Friday, 18 September 2015

d6: What's in the Witch's Oven

I don’t care if gingerbread gives you hives, you have your orders. Kick in that vokken door, and waste the witch! Don’t make me tell you twice…” Witch Hunter Braam Van Staaden

I have fulfilled a long time desire and begun to play OD&D using the Chainmail rules for combat. Tricky at first, but there is a tonne of source material out there to guide you. I am also using the concise spell book designed by the awesome Delta. It’s really handy, and I have two copies on the table when we play, one for me, and one for the mage. Also, somewhat controversially, we are using the Chainmail rules for spell-casting. This allows the magic-user to roll on a chart to see if the spell goes off, is delayed, or fails so badly that it can only be cast the following morning. This allows unlimited daily spell casting, if, you get your rolls right. The spell allocation is still the same, you still choose according to your level, you just get to cast more than once a day. I have also included the rules for counter-spelling, and spell duels. These were purloined from Chainmail, as well as from Fight On! (In my head, I always hear some surfer dude saying, ‘Right on…’) It just add a bit more depth for the players who run magic-users. We also use a single saving throw for everything, modified by class, so for example, a mage will get a bonus if saving versus magic. I also found a copy of Gygax’s house rules over at Cyclopeatron and have included a few of them into the mix.
Of course, it’s all d6 and that’s pretty cool. A +1 really goes a long, long way. I am using the Grey-Elf/ Conan hypothesis, that at each level you get more than a single attack on the man-to-man melee table. The fighters are on Hero level (4th Level) so they get four attacks per combat round. They thought this was the best thing, ever, until they realised that their opponents have access to the same ruling. Good times.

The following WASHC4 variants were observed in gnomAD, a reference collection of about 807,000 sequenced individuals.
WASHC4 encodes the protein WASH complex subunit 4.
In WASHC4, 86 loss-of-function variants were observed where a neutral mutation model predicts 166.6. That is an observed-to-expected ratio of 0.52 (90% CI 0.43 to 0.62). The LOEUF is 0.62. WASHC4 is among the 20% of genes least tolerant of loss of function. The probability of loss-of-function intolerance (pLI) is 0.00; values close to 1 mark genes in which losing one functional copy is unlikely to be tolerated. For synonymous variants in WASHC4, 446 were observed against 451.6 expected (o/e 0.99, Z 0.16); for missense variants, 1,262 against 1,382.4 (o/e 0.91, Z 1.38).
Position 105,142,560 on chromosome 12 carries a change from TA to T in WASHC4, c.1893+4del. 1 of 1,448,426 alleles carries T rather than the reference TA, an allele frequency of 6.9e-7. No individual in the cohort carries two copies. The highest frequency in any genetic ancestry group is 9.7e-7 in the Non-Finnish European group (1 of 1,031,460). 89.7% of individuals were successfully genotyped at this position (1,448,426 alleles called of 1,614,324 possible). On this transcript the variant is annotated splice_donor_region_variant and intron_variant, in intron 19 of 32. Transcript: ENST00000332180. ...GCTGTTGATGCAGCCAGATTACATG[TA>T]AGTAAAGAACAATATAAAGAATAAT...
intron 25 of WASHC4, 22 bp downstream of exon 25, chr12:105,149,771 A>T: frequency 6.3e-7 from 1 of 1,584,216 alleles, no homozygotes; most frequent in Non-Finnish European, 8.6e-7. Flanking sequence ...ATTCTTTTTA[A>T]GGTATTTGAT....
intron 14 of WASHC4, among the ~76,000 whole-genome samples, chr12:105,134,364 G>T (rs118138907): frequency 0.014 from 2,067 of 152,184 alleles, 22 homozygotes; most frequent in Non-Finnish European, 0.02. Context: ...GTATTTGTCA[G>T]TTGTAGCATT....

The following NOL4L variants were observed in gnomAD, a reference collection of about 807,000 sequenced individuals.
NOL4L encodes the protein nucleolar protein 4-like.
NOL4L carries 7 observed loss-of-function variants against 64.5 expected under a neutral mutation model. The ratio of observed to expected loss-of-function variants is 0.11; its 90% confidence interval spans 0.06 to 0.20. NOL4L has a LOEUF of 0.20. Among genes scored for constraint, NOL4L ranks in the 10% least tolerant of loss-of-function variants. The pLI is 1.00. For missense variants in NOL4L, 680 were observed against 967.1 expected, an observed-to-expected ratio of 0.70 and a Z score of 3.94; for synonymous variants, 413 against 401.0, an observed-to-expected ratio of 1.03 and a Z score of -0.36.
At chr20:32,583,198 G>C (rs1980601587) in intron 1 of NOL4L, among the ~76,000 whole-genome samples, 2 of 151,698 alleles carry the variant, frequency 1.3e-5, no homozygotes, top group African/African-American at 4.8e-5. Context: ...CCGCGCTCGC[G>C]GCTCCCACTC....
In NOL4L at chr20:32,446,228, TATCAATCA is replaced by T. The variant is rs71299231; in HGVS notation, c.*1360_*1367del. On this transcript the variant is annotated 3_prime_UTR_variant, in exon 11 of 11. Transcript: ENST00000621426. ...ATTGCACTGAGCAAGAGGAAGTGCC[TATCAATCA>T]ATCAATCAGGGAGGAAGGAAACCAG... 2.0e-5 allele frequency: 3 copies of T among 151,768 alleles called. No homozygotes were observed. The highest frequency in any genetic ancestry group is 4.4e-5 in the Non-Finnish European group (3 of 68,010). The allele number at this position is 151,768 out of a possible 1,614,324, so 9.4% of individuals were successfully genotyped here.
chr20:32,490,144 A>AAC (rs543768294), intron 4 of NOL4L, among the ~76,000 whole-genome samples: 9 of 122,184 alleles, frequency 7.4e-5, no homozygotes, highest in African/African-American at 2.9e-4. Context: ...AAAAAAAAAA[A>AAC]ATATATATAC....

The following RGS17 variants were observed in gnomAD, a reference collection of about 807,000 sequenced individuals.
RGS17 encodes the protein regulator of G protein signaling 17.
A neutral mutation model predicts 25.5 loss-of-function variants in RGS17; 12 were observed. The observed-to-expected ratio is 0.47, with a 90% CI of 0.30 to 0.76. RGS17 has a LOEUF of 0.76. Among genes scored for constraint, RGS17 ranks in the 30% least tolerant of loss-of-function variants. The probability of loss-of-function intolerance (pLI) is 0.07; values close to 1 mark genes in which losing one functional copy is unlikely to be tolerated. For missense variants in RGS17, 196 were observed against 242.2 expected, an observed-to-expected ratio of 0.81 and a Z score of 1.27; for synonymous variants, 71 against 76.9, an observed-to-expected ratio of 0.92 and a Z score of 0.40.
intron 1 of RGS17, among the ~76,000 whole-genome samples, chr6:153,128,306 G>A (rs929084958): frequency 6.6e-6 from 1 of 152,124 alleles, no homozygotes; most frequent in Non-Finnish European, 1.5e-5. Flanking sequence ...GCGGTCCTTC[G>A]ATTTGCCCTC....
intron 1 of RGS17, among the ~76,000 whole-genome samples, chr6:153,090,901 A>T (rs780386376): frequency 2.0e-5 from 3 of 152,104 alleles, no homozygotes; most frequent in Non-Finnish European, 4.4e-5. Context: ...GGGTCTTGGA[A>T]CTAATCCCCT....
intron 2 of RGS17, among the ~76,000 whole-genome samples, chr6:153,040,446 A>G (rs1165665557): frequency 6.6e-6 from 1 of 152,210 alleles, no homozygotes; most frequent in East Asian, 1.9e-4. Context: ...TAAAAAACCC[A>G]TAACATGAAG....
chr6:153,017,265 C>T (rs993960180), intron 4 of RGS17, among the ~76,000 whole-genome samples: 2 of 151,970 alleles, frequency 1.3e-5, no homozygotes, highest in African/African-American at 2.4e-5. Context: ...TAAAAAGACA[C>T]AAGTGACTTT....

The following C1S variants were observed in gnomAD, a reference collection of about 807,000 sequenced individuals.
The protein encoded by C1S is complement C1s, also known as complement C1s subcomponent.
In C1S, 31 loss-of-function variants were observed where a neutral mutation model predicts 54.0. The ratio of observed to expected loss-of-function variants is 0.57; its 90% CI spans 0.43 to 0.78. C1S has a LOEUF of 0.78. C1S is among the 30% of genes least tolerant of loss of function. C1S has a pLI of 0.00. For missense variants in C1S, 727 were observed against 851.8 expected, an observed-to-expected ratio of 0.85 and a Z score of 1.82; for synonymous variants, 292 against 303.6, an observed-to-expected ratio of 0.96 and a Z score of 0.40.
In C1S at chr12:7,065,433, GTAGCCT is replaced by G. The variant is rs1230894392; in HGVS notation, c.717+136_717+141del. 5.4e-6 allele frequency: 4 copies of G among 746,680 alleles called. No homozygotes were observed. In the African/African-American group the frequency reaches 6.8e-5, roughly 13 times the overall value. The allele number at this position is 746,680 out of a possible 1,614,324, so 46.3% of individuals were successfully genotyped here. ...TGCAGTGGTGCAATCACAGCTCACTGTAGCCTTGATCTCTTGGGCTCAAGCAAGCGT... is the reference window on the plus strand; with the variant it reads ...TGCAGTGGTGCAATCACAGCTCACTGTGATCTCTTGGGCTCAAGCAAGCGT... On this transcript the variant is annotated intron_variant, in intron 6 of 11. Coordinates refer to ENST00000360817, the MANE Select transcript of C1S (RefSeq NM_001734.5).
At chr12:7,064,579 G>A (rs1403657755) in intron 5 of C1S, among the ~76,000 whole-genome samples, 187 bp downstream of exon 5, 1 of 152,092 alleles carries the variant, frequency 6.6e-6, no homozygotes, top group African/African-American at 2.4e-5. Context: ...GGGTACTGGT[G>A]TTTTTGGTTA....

On the Fantasy Combat table, it is one attack, but you do half your level d6 damage, so if you are at 4th level, you roll 2d6 for damage instead of just 1d6. Again, this comes from the Conan inspired rule system. So far so good. No major hiccups, and the players are really enjoying the simplicity of it all. We also used the jousting rules a few weeks ago during some downtime in the city. I came up with some loose Carousing plot points for the players. They all put money into the pot and went at it. The knight-in-training went to the Lists for a bit of jousting action, and, because of his newbie status got great odds at the bookies. He started off at 9/2 but quickly shortened to even money for the last ride. The rest of the players were betting on him like crazy, and lo and behold, he won. That netted the group about 5000gp all in all. This then went into the arm-wrestling competition where the thief character slipped the opponent some hallucinatory mushrooms he had procured a few weeks before. Again, the player made it all the way through the competition and won the last bout with a natural 20, even though his nemesis was tripping balls. So at the end of it, they were up nearly ten grand. That could have been a problem, but then they got drunk and spent it all on wagons and golden armour and stuff. So they were all flat broke again, and in the market for some work.
While the others were off competing, the thief went scouting around town to do a little light purloining here and there, and came back with the awesome Rat-catcher sword found in the excellent (and free!) &magazine. The mage went through his collection bag and began to brew up some potions. Now, because the player really role plays this part of his character ( he is always going off collecting slime, fungi, and harvesting body parts from the fallen) I allowed him to create his very own spell , as well as some potions that we rolled for. He really enjoyed that. I recommend it.